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Monday, December 26, 2016


American Pie in the face

by Tom Sullivan

Image by @Carl_Price Chris Barker #sgtpepper2016 .

British graphic artist Chris Barker's montage began on election night in the U.S. Pondering the losses this year of David Bowie and so many other celebrities, Barker eventually created an homage to the cover of the Beatles’ 1967 “Sgt. Peppers Lonely Hearts Club Band." The image posted on November 9 went viral:

“Then Leonard Cohen died and he was so almost Beatles-y that adding him was a no-brainer and it went even more viral,” Barker noted in his blog. “Then Robert Vaughan, another great sixties icon also passed away and it went viral again. Then suddenly I was that dead celebrity photoshopper guy.”
Last night George Michael appeared in the image. Barker swears he's not causing it.

The image may mimic "Sgt. Pepper's" but the feeling this morning is more the melancholy "American Pie." A bit of irony about what else died in 2016 appears in the center foreground:

Barker’s image includes Bowie, Prince, Muhammad Ali, Alan Rickman, Gene Wilder and more. Also represented is “America” via a Donald Trump “Make America Great Again” hat.
Amanda Marcotte writes that the phrase “preparing for Trump” began trending on Twitter Friday morning. What began as a response to a Peter Dreier article about fighting for working people under a Trump administration morphed into a bitch session by conservatives excited by the coming of Trump:
But what’s fascinating is how few of them, had anything positive to say about Trump and his coming presidency, despite their apparent love of the Great Orange Grimace. On the contrary, the contributions of Trump supporters on the thread were almost exclusively negative: They are gleefully certain that he will rain destruction on the heads of the hated liberals.

Trump’s fans on Twitter don’t seem to think that he’ll improve the economy or foreign relations or anything at all, really. In fact, they seem wholly opposed to the concept of improvement. Their worship of the man lies with their belief that he’s an agent of destruction, who will hurt people they have been trained by the likes of Rush Limbaugh and Sean Hannity to believe are evil.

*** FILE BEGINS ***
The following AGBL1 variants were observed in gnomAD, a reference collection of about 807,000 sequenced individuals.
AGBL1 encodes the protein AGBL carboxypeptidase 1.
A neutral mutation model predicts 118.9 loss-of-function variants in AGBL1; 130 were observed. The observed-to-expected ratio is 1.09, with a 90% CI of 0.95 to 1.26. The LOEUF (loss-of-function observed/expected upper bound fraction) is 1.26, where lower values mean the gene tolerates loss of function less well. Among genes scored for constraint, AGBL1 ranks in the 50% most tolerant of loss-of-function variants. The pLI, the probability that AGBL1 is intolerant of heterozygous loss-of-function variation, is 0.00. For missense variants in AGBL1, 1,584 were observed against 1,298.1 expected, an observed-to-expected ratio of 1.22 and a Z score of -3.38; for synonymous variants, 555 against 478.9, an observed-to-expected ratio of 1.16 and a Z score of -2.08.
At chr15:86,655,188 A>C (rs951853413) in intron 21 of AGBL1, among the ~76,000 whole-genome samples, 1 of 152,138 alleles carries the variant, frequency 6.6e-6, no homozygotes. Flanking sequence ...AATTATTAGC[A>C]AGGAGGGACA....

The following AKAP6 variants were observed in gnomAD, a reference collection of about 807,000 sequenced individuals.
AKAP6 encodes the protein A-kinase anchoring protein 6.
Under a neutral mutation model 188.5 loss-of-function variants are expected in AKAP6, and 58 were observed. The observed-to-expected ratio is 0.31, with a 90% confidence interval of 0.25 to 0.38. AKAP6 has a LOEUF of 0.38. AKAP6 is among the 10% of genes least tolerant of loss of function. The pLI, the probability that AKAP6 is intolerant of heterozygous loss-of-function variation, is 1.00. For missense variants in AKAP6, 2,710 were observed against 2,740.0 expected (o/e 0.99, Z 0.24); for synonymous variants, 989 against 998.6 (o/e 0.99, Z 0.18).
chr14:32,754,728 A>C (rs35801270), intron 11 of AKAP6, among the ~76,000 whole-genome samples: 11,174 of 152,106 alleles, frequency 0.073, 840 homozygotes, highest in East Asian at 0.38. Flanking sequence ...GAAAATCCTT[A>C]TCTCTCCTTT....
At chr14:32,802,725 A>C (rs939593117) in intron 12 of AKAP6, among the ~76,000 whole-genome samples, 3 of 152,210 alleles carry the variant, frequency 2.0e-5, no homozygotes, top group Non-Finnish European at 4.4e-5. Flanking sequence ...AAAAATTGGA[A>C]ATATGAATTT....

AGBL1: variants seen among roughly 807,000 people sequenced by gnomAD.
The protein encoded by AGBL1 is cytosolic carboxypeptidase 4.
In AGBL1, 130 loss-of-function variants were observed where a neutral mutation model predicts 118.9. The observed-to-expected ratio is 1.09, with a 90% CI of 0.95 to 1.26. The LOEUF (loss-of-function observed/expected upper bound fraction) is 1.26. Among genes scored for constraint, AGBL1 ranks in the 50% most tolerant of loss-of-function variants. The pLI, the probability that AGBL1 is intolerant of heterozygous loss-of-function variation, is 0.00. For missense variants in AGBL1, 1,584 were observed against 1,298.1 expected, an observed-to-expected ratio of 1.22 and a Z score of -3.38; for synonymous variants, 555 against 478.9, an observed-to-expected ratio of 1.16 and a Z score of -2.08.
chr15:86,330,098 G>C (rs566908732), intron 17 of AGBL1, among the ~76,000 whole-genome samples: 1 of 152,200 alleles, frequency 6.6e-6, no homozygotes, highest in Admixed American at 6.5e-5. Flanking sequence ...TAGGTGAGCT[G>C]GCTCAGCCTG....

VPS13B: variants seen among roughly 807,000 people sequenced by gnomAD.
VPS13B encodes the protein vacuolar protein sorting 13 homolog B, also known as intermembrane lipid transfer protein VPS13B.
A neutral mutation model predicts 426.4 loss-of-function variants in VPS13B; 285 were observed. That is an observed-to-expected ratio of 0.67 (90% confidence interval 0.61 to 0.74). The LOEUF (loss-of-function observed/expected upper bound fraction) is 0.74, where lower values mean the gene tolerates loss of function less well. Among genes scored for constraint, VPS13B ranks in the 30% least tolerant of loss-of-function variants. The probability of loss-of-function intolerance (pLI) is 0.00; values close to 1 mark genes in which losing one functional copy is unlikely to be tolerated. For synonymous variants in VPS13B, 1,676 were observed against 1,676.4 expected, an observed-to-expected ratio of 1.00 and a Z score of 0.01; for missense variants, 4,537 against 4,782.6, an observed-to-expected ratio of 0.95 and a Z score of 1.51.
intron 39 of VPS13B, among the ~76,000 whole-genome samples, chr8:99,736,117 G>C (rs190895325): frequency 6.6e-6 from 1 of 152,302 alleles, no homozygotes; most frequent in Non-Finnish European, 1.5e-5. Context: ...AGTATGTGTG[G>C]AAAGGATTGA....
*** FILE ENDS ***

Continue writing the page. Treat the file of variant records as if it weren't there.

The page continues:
David Bell extends that thought in a piece at The Nation. A large proportion of Trump voters live inside "the party’s steel-walled ideological bubble" now, and are impervious to information coming from sources outside a Republican messaging apparatus that includes the likes of Limbaugh and Hannity (emphasis mine):
The machine has been operating in this way for many years, as Alterman and others have detailed. But since the election, the delegitimization of real news has taken a new, dangerous twist. It has now become clear that faithful followers of Limbaugh, or Fox News, will not only immediately discount any mainstream-media story that reflects badly on politicians or policies they like, no matter how well sourced and substantiate; they will consider the story itself yet another reason to support those politicians and policies, and will quite possibly believe the opposite, simply as a matter of principle. Polling data suggests that even during the election, the revelations about Trump’s failure to pay federal income taxes, and then the Access Hollywood tape, failed to significantly affect his support within the Republican base. The stories were unquestionably true, but that was less important than the fact that they were reported in the mainstream media (broken, in fact, by The New York Times and The Washington Post, respectively). By definition the stories demonstrated the power and extent of the dark liberal conspiracy against America, making Trump’s victory even more important for the Republican base.
In that sense, Barker might well have included a copy of one of those newspapers beside Trump's MAGA hat to symbolize the death in 2016 of real news. Except real news is taking its time about it, really. Like the father in The Last Remake of Beau Geste, real news is perpetually "still alive and dying."

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